We’re on track to have the hottest summer EVER in Austin, Texas. (Climate science deniers ought to move along right now.) Texans are accustomed to the heat, but not like this. In 2011 we had 90 days over 100 F. So far in 2022, we’ve had 58 of those 100+ days. May, June, and July were record breaking hot. August is the worst month. Also, it’s barely rained, so we’re in an extreme drought. Many places from France and the UK to California are experiencing extra high temperatures. The hotness makes bicycling, as well as other important activities like standing up, breathing, and putting on pants a bit challenging.
But were a resilient lot — to a point. I’ve written about what to do about heat before (Surviving the Summer Heat on a Bicycle). These days I’m trying to do night rides, drink more water than I think I need, and hide out in the air conditioning. So far, so good, for the most part. Sometimes you mess up and forget to reapply the sunscreen and you get a reminder from Mother Nature.
Naturally, my biking goal has suffered. It doesn’t help that as in summers past, I have a job that’s outside. Although mercifully that part is over, I was having some pretty serious heat exposure. Also, I am having some knee pain and am often still short on the sleepy time. Let’s not forget that my dear Sophie the Fairdale Weekender Archer was stolen seven months ago today. “Universal sadness all around,” to quote a guy in Slacker.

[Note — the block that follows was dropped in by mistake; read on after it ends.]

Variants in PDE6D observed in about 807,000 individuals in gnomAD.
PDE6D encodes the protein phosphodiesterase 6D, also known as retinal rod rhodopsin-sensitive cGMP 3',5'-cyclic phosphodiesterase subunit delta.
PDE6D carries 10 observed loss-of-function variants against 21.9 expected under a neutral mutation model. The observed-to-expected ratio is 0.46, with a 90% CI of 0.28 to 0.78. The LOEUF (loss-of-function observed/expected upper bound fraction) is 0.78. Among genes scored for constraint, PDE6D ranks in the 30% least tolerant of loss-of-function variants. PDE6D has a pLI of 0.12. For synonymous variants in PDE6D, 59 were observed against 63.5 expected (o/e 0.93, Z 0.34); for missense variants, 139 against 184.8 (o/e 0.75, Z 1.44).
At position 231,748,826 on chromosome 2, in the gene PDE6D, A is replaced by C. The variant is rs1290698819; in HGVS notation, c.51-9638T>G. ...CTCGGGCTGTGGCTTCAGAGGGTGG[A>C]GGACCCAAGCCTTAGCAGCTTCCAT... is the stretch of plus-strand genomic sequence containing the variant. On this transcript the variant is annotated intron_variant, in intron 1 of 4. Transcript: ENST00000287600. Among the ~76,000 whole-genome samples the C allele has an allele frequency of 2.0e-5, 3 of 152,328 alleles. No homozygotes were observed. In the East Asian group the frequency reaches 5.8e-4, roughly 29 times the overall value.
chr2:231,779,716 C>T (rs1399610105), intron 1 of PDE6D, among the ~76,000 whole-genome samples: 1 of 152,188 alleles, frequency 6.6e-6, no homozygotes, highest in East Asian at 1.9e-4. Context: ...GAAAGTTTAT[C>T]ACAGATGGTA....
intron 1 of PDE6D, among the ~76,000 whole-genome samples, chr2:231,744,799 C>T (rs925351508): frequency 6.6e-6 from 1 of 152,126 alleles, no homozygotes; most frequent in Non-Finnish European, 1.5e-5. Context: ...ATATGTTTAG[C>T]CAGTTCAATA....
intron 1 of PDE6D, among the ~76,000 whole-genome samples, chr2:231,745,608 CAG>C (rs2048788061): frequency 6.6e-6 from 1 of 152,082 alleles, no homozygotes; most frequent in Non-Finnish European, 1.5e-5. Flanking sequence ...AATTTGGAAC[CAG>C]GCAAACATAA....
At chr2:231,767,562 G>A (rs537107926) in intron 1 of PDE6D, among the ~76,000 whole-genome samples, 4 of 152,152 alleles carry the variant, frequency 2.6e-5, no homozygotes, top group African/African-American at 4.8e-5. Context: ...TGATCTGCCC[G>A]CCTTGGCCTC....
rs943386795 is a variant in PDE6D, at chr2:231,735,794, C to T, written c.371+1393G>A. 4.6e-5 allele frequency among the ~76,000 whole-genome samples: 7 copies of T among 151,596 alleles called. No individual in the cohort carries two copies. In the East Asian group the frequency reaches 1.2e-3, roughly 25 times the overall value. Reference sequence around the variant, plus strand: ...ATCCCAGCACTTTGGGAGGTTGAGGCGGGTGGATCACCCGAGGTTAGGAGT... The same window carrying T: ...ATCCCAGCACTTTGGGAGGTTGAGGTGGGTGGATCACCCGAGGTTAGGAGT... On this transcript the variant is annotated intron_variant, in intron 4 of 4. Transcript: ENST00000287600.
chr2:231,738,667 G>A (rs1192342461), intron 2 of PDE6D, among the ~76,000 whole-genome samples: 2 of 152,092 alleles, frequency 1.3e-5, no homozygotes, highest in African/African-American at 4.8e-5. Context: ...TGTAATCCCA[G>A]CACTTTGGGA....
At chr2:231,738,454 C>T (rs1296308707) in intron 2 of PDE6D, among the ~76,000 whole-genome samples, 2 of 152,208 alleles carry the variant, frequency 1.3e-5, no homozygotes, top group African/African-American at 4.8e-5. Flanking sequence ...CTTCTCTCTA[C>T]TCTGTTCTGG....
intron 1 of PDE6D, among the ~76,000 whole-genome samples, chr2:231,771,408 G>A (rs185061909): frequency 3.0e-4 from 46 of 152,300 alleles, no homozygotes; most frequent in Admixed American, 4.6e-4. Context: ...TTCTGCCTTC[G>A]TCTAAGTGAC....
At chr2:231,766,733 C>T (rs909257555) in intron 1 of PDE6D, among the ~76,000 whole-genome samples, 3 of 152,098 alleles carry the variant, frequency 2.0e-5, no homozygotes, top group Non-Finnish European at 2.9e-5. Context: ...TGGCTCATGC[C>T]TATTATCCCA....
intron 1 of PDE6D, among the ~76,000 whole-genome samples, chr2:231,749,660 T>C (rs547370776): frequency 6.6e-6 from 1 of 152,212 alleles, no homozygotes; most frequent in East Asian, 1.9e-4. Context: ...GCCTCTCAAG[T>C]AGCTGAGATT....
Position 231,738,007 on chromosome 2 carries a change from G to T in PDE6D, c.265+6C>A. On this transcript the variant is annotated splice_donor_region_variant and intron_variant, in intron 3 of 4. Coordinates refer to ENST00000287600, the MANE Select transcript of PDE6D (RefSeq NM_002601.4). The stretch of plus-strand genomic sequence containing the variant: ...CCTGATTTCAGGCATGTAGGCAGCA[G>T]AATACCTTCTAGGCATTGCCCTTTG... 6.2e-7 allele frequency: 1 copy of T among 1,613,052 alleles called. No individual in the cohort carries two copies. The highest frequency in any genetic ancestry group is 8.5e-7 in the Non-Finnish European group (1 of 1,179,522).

So, I’m still riding Sonnie, the GT, which is a lot heavier than Sophie or my retired Fuji Sookie, and has some gearing and shifting issues. All together, those make for pretty some good reasons to do less exercise. I’ve realized that I’m doing what I can and if I don’t make my goal, well, that’s life. I don’t need to prove to anyone that if I’m not strong on the hills or fast on the flats, I’m at least a dedicated cyclist, after biking 1,000 days in a row (and still counting), as I wrote last month on 7/7/2022.
When I have had to ride in the heat, I try to be more mindful of my intake of water and hydration tabs. Also, I tend to take disco naps before a ride if I can. Until I recently lost it, I was using a fishing cap with a three-sided neck protector and longer bill. And I take water over the head, ride through sprinklers, and accept free water bottles whenever possible. Hydration tabs during and after are key to surviving, and eating more fruit. So yes to bike and survive in the heat; it’s doable, but it ain’t easy. If you’re in a hot place you know as well as I the difficulties.
But you do what you can. I prefer the heat to the cold. And in the end, one must do as Sam said: “live to ride another day.” And oh yeah, maybe first you better put those pants on.
Hope you enjoyed this post and recent pictures from about town.
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